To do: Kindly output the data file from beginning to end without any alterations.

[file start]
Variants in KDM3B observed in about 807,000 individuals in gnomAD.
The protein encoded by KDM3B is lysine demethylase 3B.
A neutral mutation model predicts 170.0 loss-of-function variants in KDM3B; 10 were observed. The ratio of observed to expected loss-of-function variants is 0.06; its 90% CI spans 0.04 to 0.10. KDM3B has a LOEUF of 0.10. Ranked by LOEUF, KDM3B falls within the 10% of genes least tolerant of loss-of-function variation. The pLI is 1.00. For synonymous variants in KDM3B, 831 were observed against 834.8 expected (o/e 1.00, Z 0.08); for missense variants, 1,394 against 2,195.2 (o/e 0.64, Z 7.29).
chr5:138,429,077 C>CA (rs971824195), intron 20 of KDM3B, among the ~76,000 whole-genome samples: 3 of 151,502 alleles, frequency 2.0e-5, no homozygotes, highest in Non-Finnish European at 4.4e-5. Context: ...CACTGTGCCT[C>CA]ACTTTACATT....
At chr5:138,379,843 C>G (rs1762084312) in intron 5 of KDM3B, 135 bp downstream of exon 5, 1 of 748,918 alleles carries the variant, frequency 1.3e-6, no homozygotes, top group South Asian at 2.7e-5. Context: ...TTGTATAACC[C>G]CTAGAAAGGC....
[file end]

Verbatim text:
Variants in KDM3B observed in about 807,000 individuals in gnomAD.
The protein encoded by KDM3B is lysine demethylase 3B.
A neutral mutation model predicts 170.0 loss-of-function variants in KDM3B; 10 were observed. The ratio of observed to expected loss-of-function variants is 0.06; its 90% CI spans 0.04 to 0.10. KDM3B has a LOEUF of 0.10. Ranked by LOEUF, KDM3B falls within the 10% of genes least tolerant of loss-of-function variation. The pLI is 1.00. For synonymous variants in KDM3B, 831 were observed against 834.8 expected (o/e 1.00, Z 0.08); for missense variants, 1,394 against 2,195.2 (o/e 0.64, Z 7.29).
chr5:138,429,077 C>CA (rs971824195), intron 20 of KDM3B, among the ~76,000 whole-genome samples: 3 of 151,502 alleles, frequency 2.0e-5, no homozygotes, highest in Non-Finnish European at 4.4e-5. Context: ...CACTGTGCCT[C>CA]ACTTTACATT....
At chr5:138,379,843 C>G (rs1762084312) in intron 5 of KDM3B, 135 bp downstream of exon 5, 1 of 748,918 alleles carries the variant, frequency 1.3e-6, no homozygotes, top group South Asian at 2.7e-5. Context: ...TTGTATAACC[C>G]CTAGAAAGGC....